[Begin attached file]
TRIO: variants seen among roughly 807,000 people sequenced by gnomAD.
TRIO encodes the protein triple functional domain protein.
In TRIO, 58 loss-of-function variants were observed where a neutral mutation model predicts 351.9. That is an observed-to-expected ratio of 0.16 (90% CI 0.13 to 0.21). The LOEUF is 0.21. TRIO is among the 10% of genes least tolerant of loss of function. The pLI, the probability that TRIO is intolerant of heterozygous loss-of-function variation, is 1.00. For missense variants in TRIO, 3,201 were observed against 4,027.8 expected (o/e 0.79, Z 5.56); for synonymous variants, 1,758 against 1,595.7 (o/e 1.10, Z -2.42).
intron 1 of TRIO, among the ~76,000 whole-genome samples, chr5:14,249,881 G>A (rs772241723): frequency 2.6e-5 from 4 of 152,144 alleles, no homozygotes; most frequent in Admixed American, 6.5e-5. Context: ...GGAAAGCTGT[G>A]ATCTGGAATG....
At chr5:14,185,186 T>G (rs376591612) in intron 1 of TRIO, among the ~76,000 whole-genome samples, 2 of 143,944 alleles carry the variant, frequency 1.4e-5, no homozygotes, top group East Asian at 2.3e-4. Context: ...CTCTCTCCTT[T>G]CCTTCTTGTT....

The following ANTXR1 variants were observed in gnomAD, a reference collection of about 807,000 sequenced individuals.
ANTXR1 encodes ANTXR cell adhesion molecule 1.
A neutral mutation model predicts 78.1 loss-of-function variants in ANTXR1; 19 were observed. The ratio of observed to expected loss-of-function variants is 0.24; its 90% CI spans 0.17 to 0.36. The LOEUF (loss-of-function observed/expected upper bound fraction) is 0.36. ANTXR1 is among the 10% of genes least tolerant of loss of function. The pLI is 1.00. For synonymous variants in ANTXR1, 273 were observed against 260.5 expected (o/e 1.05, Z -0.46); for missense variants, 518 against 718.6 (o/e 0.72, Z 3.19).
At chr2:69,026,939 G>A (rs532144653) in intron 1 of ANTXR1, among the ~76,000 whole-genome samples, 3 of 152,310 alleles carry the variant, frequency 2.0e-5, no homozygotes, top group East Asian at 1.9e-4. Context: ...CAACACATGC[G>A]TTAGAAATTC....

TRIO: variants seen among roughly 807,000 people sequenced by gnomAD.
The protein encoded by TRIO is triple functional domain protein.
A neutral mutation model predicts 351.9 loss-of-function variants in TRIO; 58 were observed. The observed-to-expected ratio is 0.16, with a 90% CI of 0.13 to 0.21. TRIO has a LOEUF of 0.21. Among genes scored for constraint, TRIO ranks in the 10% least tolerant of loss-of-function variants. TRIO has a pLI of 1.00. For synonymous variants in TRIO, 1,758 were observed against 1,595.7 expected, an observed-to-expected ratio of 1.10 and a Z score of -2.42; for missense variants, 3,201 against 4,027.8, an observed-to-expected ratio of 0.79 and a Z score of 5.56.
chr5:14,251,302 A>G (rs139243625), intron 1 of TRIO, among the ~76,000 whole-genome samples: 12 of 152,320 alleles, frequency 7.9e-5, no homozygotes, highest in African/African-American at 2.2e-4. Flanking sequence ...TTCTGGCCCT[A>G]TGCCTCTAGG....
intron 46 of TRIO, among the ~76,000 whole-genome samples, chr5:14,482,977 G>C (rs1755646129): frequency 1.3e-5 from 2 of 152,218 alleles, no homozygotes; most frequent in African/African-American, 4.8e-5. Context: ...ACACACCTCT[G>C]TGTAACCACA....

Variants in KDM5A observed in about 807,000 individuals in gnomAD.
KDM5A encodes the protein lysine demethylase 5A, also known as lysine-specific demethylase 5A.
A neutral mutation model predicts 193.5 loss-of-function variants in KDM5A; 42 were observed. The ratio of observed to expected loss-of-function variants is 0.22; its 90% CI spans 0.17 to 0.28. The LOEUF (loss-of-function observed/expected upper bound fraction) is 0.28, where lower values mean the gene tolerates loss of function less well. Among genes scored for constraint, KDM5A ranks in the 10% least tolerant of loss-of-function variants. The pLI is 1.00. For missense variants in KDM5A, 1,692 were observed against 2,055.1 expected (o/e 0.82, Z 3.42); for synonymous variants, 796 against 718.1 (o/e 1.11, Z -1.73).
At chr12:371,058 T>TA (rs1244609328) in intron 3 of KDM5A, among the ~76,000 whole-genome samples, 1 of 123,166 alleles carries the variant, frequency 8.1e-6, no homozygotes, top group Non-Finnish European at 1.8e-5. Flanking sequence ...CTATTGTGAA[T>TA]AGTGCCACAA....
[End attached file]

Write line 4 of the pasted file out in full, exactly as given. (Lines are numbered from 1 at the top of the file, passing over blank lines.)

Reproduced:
intron 1 of TRIO, among the ~76,000 whole-genome samples, chr5:14,249,881 G>A (rs772241723): frequency 2.6e-5 from 4 of 152,144 alleles, no homozygotes; most frequent in Admixed American, 6.5e-5. Context: ...GGAAAGCTGT[G>A]ATCTGGAATG....